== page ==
A new version of PubMed will be launched in January 2020 (this is the current plan – it may be delayed). PubMed will have a new and clean interface and will have new and improved features. The current version – due to be the legacy version, will run alongside the new PubMed for a few months and then will be retired. NLM have made available a short video demonstrating the new and improved features: https://youtu.be/4eA-0-eSSco You can play with the new PubMed at: https://pubmed.ncbi.nlm.nih.gov/
Posted in Databases
The WHO Global Health Observatory: data and analyses on global health priorities. Each theme page provides information on global situation and trends highlights, using core indicators, database views, major publications and links to relevant web pages on the theme. [https://www.who.int/gho/en/ | accessed 06.11.19]
Of interest is the Global Observatory for eHealth, and the data on pollution and global health.
It is common practice now to use the NOT animals not humans/ search string to exclude animal studies in Medline. But in Embase, such neat filter doesn’t work. Humans used not to be included under the Animal heading in Embase (why? Humans are animals – this is one of my bugbears). Now it is, which makes more sense. However, limiting to human (or human+animal) studies isn’t straightforward.
1 your subject search bottom line
2 exp animal/ or exp invertebrate/ or animal experiment/ or animal model/ or animal tissue/ or animal cell/ or nonhuman/
3 exp human/ or human cell/
4 2 and 3
5 2 not 4
6 1 not 5
exp human has normal human/ as a narrower term and the synonyms suggest that this means a healthy person without disease. nonhuman/ is a curious term – the scope is: “Used for all items on non-human organisms (animals, bacteria, viruses, plants etc.) or on tissue, cells or cell components from such organisms”. Why there is a need to group all these together under nonhuman when you could search for virus or bacteria or frog* (example that comes to mind for no reason I can think of) beats me. Also curious is exp animal/ doesn’t include invertebrates.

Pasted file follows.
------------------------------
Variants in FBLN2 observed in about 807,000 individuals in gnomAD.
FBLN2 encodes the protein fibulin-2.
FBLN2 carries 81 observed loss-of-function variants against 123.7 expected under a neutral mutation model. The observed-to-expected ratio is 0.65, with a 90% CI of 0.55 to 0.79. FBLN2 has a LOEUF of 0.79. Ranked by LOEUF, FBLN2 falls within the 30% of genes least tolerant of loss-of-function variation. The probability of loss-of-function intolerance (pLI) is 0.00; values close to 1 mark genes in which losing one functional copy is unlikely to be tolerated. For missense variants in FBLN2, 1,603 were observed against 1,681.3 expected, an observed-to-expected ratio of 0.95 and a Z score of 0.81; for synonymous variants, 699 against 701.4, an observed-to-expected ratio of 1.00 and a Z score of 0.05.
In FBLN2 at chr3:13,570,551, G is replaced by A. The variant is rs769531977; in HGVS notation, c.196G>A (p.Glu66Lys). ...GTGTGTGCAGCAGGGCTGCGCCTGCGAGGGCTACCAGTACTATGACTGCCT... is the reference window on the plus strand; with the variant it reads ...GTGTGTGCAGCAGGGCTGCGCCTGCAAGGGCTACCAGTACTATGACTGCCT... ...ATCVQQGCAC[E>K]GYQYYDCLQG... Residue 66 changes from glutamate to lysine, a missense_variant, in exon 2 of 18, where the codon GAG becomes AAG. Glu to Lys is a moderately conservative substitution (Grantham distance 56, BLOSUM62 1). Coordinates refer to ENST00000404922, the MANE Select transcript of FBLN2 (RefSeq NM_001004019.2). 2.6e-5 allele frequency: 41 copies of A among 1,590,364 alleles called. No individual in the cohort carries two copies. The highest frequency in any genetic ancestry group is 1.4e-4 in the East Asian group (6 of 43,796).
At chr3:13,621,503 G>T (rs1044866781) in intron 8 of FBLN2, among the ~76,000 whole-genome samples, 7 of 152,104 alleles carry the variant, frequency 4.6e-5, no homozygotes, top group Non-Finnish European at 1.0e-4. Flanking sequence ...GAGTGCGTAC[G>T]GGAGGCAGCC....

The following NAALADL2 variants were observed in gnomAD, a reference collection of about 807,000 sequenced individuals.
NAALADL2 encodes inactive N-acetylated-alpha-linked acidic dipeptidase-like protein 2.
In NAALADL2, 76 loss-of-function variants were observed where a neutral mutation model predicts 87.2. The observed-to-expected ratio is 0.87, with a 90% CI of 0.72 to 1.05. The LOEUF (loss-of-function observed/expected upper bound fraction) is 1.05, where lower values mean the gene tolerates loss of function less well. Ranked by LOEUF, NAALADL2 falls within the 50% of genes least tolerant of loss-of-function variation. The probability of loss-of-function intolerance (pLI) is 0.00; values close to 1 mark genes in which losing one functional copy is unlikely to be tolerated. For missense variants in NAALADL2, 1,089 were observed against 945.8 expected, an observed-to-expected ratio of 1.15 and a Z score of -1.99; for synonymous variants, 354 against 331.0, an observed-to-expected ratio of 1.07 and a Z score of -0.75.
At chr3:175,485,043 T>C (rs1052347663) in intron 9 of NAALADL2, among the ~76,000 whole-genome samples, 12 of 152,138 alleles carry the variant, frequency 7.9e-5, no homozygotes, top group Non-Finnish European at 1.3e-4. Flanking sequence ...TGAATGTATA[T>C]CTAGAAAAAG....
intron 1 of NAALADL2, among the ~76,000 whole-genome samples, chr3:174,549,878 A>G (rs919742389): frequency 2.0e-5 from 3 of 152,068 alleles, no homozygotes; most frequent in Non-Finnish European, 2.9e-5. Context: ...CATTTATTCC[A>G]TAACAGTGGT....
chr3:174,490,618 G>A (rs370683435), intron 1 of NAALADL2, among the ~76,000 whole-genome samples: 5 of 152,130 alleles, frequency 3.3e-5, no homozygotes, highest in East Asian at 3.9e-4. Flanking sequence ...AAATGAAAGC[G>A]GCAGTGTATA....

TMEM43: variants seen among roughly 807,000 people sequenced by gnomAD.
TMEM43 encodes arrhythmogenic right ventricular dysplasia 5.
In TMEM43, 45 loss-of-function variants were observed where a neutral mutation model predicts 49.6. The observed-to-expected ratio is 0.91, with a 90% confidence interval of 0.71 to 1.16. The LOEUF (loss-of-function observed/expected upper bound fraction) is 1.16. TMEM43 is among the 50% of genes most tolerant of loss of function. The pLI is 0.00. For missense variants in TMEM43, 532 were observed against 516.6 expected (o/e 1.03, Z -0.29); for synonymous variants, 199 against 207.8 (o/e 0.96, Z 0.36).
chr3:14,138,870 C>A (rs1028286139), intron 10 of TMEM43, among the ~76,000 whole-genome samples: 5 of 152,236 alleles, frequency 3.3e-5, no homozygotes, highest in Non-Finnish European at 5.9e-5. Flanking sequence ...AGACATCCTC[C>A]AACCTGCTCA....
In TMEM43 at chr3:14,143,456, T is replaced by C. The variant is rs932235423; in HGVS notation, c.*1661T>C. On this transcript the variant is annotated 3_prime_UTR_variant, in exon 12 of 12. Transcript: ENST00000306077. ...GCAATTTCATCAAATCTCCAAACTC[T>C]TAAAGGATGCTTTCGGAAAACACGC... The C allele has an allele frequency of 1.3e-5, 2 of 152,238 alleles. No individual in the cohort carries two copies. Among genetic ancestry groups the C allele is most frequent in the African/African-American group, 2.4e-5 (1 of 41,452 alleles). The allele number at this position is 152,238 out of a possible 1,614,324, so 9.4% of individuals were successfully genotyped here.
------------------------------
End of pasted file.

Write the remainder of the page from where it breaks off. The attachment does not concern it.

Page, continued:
Jacqueline Limpens provided another alternative to searching for human studies in Embase, which she posted on the expertsearching e-list:
1 your subject search bottom line
2 (exp animal/ or animal.hw. or nonhuman/) not (exp human/ or human cell/ or (human or humans).ti.)
3 1 not 2
She wrote that for a particular search she was doing, animal.hw. (heading word) also found animal embryo (which gave noise especially in this IVF & embryo transfer-media topic). human or humans in the title field had to be added to avoid losing this relevant paper:
Improved pregnancy rate in human in vitro fertilization with the use of a medium based on the composition of human tubal fluid.
Quinn P., Kerin J.F., Warnes G.M.
Fertility and Sterility. 44 (4) (pp 493-498), 1985. Date of Publication: 1985.
It isn’t indexed with human, but it is with pregnancy and looking at the scope note for pregnancy, it implies human pregnancy BUT it could include any animal pregnancy – confusing! She also mentioned that you should consider other headings that could be indicative of non-human disease, like exp experimental neoplasm/ and xenografts/.
With Embase, it seems a wise idea to scan/search the results before you add any human studies filter to see if there are any relevant titles that could be excluded with it applied (as in the above pregnancy article).